Poison ivy vine on a tree.

In the winter, dormant poison ivy and oak plants may lose all their leaves and berries, and it can be difficult to tell if the plants are still alive. Even with dead poison ivy, all parts of the plants, including the roots and stems, contain rash-causing urushiol. A tiny amount of urushiol can turn into a full-blown reaction to those who are sensitive to the plants, and it will remain intact and does not evaporate after the plants die.

Strategies to handle and remove these plants include ideas like wearing disposable gloves, covering the plant with a plastic bag before you pull it out of the ground, or using heavy-duty weed-killing poisons. No matter what you decide to use to remove a poison ivy plant (including dead plants), you should follow up by cleansing any skin, clothing, tools, or equipment that may have been in contact with the plant to remove urushiol. Tecnu Original Outdoor Skin Cleanser can be used on any of these items to remove the rash-causing oil. Tecnu Extreme Poison Ivy Scrub is also an excellent body wash that can be stored in the shower for a superior cleansing to remove the rash-causing oil.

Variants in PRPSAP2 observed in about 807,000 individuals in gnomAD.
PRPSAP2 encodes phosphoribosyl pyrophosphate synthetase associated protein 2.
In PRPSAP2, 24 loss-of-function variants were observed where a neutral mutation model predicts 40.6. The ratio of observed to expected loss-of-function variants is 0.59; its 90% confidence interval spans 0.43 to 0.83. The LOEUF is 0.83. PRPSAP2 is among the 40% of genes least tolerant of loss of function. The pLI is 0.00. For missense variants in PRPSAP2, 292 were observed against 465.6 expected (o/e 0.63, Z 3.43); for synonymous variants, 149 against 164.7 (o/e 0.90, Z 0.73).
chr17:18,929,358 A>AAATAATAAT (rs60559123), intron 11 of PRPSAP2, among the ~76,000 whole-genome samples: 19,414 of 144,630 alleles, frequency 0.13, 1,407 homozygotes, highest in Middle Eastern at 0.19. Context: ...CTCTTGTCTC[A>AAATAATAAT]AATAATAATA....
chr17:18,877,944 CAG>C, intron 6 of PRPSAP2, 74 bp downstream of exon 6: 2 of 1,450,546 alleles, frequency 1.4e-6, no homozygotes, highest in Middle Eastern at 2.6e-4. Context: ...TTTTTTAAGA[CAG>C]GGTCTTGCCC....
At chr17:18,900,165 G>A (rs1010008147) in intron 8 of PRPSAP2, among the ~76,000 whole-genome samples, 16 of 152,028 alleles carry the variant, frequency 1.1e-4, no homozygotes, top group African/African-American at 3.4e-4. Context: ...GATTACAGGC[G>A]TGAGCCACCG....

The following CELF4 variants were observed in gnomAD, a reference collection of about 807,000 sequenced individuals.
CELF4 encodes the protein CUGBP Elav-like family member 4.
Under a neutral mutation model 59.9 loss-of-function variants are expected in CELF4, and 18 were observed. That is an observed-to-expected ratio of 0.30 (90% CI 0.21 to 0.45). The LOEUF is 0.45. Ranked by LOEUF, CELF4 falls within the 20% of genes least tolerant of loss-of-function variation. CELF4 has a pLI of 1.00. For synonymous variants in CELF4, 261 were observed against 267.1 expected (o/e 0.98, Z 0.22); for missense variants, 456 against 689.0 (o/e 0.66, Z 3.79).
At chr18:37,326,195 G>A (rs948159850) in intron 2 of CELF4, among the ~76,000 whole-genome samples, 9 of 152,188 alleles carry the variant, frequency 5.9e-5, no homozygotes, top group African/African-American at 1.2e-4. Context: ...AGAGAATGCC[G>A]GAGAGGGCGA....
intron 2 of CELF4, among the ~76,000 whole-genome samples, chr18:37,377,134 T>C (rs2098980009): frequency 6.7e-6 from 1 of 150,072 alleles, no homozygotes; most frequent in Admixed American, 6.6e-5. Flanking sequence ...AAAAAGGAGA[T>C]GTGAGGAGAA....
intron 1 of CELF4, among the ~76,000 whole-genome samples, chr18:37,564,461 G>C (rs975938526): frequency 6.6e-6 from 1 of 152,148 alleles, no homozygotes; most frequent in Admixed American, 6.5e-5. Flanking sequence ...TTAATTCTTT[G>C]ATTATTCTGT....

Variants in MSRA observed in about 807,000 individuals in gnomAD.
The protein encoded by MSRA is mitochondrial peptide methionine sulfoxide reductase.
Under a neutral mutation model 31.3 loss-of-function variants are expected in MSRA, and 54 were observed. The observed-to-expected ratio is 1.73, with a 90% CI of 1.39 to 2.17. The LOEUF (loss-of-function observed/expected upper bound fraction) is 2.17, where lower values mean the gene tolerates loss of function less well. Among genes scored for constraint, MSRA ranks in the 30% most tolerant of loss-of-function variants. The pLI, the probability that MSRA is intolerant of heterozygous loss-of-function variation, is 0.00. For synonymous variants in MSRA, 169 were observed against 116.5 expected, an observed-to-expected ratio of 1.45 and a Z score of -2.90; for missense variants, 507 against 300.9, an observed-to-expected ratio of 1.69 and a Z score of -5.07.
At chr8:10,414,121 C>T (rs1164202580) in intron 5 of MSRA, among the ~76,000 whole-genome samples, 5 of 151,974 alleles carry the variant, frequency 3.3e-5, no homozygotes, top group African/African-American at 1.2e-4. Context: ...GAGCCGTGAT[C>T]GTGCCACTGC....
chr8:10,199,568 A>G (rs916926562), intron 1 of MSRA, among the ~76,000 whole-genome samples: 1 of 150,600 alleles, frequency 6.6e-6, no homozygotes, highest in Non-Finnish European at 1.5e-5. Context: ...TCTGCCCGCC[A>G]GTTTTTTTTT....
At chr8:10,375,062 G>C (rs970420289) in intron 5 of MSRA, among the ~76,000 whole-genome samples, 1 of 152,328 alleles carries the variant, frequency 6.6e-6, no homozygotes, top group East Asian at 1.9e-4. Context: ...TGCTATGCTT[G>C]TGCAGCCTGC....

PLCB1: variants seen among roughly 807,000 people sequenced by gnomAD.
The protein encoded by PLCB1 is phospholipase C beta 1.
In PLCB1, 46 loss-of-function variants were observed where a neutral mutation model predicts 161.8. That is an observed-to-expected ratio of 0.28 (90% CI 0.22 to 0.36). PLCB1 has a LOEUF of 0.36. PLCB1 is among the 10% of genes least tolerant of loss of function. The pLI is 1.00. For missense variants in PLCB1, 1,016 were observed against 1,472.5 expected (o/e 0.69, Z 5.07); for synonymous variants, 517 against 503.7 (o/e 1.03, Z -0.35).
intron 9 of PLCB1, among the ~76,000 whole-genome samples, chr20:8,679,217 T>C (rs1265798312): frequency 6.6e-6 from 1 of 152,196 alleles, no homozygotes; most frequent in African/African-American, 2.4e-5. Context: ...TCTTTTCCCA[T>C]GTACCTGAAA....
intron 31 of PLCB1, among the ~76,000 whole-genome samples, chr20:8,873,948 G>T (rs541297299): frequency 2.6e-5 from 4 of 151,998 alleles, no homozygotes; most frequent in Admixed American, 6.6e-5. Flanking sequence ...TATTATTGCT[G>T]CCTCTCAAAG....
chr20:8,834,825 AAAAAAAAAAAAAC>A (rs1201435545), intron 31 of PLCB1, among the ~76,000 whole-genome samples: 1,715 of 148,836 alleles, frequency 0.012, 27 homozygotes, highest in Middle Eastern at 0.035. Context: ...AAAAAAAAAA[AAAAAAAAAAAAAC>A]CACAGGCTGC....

Be careful handling firewood in the winter!

A common way of getting poison ivy in the winter is by handling firewood. Be cautious of any cut trees that have leafless vines wrapped around them as you could touch dead poison ivy without realizing it. Burning poison ivy or oak can be quite dangerous as it can result in inhalation of urushiol causing a severe rash that spreads systemically throughout the body.